June 7, 1996 in Idaho

Comeslast Said ‘I Shoot To Kill’ Witness Says Murder Suspect Wasn’t Surprised By Two Deaths

By The Spokesman-Review
 

Kenneth “Junior” Comeslast wasn’t surprised when he learned two girls died in a volley of gunfire last summer in northeast Spokane.

About nine hours after the shootings, he told friends, “When I shoot, I shoot to kill.”

That account was offered Thursday by one of the friends, Christopher McIlveen, who testified for the prosecution during the double-murder trial.

Comeslast, 16, is being tried as an adult for gunning down two girls as they sat on the front porch of a friend’s Hillyard home last Aug. 9. He is charged with two counts of aggravated murder and two counts of attempted murder.

If convicted, he faces life in prison without parole.

Kendra Grantham, 16, and Cindy Buffin, 17, were killed as they tried to escape the gunfire at 2928 E. Central. Amanda Denny, 14, who lives there, was shot in the side. Sadie Maddox, 13, was not injured.

McIlveen, now 18, has pleaded guilty in Juvenile Court to first-degree rendering criminal assistance.

During McIlveen’s testimony in Superior Court, Comeslast wrote furiously, crunching his body over a yellow notepad.

McIlveen rarely glanced at Comeslast.

The witness said he first saw Comeslast with the gun about three weeks before the shooting. He was cleaning it.

McIlveen said he next saw the rifle the night of Aug. 8, when Comeslast carried it in a duffel bag and stashed it behind the back seat in friend Douglas Champagne’s station wagon.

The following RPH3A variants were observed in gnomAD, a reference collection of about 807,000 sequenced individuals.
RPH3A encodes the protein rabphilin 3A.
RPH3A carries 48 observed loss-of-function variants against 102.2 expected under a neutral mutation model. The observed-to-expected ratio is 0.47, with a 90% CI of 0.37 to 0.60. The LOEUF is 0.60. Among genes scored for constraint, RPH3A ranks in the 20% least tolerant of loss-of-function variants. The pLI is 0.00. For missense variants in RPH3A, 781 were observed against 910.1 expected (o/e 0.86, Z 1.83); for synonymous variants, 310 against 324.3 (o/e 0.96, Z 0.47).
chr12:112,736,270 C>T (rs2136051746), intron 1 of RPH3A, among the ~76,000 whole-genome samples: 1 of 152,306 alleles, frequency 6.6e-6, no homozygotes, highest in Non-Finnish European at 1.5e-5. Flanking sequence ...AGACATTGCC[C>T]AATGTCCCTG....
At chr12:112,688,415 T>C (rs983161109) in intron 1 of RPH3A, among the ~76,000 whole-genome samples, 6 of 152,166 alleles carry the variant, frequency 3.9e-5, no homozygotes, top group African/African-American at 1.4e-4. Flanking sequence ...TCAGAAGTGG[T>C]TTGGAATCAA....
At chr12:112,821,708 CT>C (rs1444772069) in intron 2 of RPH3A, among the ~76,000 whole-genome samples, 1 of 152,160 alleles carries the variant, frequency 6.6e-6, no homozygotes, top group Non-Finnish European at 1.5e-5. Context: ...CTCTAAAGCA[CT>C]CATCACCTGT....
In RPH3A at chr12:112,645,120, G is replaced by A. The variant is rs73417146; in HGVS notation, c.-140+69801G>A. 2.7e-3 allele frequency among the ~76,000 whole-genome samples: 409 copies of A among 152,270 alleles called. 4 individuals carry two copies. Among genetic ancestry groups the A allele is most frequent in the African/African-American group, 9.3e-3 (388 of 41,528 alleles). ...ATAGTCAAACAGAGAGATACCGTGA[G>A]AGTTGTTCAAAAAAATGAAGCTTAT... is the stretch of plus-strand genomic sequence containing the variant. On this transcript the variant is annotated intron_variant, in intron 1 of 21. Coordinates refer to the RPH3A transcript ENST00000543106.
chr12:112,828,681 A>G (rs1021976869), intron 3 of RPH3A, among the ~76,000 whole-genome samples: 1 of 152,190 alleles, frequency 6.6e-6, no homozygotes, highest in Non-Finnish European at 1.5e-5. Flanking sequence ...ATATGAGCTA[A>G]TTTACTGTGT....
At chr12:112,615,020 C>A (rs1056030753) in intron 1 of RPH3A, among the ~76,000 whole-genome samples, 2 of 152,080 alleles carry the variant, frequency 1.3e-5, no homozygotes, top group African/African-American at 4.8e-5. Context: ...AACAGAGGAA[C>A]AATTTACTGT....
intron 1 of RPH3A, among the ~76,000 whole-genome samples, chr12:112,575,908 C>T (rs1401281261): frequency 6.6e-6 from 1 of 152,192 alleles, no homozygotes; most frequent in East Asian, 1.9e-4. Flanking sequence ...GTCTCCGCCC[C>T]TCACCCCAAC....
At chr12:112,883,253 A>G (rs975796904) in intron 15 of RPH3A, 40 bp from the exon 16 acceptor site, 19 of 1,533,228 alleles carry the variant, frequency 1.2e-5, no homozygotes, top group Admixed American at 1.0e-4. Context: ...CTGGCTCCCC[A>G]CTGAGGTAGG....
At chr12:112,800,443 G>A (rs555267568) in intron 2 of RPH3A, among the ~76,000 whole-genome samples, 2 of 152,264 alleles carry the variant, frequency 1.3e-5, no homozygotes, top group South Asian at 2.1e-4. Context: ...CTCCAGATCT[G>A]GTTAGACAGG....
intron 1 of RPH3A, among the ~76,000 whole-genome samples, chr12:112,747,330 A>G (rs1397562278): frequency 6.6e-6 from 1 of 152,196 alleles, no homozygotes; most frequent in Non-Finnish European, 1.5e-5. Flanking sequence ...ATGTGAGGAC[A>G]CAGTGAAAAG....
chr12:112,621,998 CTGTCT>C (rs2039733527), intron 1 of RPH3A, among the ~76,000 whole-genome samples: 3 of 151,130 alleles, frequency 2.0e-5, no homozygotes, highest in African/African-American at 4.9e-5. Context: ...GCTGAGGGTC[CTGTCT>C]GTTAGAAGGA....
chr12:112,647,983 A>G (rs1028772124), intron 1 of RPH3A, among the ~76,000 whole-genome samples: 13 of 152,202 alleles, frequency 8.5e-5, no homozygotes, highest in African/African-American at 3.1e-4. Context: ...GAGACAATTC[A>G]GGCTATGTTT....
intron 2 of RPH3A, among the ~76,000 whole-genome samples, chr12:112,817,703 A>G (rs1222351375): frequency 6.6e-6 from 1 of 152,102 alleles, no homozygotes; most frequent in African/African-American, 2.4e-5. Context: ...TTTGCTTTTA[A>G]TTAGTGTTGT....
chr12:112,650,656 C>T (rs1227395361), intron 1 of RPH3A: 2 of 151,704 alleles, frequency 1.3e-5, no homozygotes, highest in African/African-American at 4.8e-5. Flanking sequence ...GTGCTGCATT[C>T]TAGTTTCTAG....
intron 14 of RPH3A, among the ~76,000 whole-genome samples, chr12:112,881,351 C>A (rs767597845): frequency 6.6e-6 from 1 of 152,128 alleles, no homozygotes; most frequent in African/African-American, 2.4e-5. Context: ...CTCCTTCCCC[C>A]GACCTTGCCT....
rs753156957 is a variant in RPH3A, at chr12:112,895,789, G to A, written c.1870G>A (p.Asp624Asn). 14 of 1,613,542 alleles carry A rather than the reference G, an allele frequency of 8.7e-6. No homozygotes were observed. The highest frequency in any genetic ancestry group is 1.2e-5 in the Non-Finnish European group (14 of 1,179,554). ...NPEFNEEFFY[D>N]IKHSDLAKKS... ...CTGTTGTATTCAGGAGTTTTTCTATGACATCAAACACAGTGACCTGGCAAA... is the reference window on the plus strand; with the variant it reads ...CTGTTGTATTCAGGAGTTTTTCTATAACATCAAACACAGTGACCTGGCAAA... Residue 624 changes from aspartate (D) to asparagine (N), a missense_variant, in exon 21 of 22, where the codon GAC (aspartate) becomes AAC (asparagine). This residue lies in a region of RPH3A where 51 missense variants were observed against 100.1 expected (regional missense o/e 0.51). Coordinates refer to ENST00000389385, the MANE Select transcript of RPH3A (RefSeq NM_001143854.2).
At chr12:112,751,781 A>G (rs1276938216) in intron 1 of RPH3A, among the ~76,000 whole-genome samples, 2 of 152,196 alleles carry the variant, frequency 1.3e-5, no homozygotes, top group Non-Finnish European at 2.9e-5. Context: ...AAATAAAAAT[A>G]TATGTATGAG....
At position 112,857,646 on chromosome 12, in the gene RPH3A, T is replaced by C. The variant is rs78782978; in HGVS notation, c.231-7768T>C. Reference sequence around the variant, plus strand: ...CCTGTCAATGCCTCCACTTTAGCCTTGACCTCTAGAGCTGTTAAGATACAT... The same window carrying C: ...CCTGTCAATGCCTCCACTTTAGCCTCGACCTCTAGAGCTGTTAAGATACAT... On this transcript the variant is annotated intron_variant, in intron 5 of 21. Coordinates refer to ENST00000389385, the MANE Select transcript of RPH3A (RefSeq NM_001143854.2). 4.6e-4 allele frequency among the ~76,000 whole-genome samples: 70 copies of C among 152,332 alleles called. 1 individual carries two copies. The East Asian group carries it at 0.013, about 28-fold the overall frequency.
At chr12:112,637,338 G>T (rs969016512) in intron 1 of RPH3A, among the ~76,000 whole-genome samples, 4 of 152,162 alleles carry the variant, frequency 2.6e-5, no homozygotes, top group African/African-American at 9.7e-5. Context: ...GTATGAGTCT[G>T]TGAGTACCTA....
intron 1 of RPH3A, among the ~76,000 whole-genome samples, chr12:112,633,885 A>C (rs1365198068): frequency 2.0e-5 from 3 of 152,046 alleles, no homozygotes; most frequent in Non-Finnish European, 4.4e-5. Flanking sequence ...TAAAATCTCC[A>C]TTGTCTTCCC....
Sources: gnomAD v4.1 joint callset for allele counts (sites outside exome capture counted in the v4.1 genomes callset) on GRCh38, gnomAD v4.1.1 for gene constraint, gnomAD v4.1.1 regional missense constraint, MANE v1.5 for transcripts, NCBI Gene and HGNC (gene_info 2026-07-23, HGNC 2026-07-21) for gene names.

Comeslast wanted to shoot his gun at Boulder Beach on the Spokane River, McIlveen said.

So Champagne drove McIlveen, Comeslast, Amy Allen and Adawn Lowry to the beach. Comeslast and Champange each fired about 10 shots, McIlveen said.

Then Comeslast wanted to drive by the home of his former girlfriend, Amanda Denny.

At least 10 people were on the front porch. The station wagon kept rolling, to Comeslast’s home, because Comeslast wanted to reload the gun, McIlveen said.

“He showed us his special bullets that he had,” McIlveen said. “They were gold.”

The car parked at a corner down the block from the Denny home. Comeslast grabbed his rifle and said he’d be right back, McIlveen said.

Minutes later, the teenagers in the car heard popping shots, then a pause, then more shots.

Comeslast jumped in the front passenger’s seat and Champagne tried to start the car, which stalled for a moment. No one reacted much to the gunfire, McIlveen said.

“I didn’t really feel nothing because we didn’t really know what had happened,” he said.

Comeslast was dropped off at his North Side home after unsuccessfully trying to get Champagne to hide the gun. Comeslast finally agreed to stash the rifle in his parents’ garage, McIlveen said.

Adrian Ellenwood testified that Comeslast, his cousin, knocked on his door the afternoon of Aug. 9. Ellenwood said he was handed the assault rifle.

“I asked if he heard about those girls getting their heads blown off,” Ellenwood told the jury. “He said ‘no.”’

Ellenwood agreed to keep the weapon, the bullets and a blue-and-green nylon bag for a couple of weeks.

Hours later, feeling nervous, he and his wife called police, who picked up the weapon. Comeslast was arrested early the next day.

, DataTimes ILLUSTRATION: Photo


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